Learning to read in monolingual and bilingual children: does cognitive flexibility play a part?

This interdisciplinary (education, psychology) project will investigate word reading in monolingual and bilingual children in primary schools to investigate whether bilingualism impacts on a) word reading and b) children’s ability to learn to read novel words. We will also investigate whether group differences are moderated by differences in cognitive flexibility.

Department: Technical Support Unit

Supervised by: Daisy Powell

The Placement Project

While in global terms most people speak more than one language, much of the extensive research into children’s reading over the past few decades has focussed on literacy development in monolingual children in the USA and the UK. Moreover, given the marked increase in numbers of UK children for whom English is an additional language (EAL), there is increasing interest in the ways in which bilingualism might impact on reading development. The principle aim of this project is to carry out a detailed investigation of word-level reading skills in children of primary school age, comparing monolingual and EAL groups. The focus will be not just on the accuracy and efficiency of word reading, but also on orthographic learning, that is, the ease with which children commit the written forms of words to memory, a crucial aspect of efficient reading. Supplementing data already collected from a sample of children learning to read English as a foreign language in Malaysia, the current project will involve collecting comparative data from 7 - 11 year-old children on a number of reading tasks (e.g. word reading, lexical decision, orthographic learning). We will also gather information about children’s linguistic backgrounds (e.g. how long they have lived in the UK). Additionally, given the reported cognitive benefits of bilingualism (see Bialystok et al., 2012, for a review), we will investigate whether any difference between groups is mediated by cognitive flexibility, which has previously been linked to reading skills in monolinguals (Colé et al., 2014).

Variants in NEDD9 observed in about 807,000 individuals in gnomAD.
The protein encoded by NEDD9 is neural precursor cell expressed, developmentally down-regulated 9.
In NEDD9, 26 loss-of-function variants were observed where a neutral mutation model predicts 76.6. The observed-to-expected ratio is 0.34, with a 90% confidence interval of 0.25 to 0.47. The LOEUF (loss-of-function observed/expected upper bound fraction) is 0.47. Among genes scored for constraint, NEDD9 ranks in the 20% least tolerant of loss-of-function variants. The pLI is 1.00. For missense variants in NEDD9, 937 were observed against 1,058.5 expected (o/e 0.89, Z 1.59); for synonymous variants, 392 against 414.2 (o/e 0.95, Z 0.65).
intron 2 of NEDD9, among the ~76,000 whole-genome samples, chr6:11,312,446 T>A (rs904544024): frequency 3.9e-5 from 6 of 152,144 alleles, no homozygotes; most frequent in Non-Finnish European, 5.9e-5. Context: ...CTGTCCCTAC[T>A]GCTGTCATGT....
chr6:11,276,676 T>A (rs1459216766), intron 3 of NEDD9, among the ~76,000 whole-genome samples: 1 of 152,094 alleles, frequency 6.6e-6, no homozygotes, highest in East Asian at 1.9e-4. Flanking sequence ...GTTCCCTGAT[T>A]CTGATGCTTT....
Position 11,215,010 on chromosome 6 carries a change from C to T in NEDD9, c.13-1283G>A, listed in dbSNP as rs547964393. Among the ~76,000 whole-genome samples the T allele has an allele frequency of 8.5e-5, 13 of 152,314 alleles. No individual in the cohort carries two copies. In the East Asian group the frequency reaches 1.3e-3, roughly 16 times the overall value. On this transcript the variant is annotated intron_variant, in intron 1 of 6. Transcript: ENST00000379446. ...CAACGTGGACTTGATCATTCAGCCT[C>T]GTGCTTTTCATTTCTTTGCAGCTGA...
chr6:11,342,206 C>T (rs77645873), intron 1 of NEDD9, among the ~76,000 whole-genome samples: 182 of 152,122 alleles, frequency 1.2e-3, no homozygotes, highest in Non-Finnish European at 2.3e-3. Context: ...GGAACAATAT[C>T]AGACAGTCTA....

The detailing of days in the list below is indicative. The successful candidate will be self-motivated and will be expected to organise an appropriate timetable for data collection and data entry through discussions with the PI. There will the potential to work as part of a team of researchers working on this and aligned projects (PI: Holly Joseph), if funded, at the IOE. The start and end dates given below are also indicative only, depending on availability of schools for data collection. 1. Training in administration of group and individual tests, including using eprime experiment presentation software to collect and extract data, and training in scoring standardized tests (approx. 3 days). 2. Liaising with the school authorities regarding timetabling the collection of data (approx. 1 days). 3. Administration of experimental tasks and standardized reading tests to two groups of around 30 primary school students and scoring standardized tests (approx. 17 days). 4. Training in basic descriptive statistical techniques (if required) and database management (approx. 1 day) 5. Setting up database and data entry, including extracting and imputing eprime data (approx. 5 days). 6. Discussions relating to interpretation of the outcomes of inferential statistical techniques conducted on the data (approx. 1 day). 7. Preparation of poster (approx. 2 days).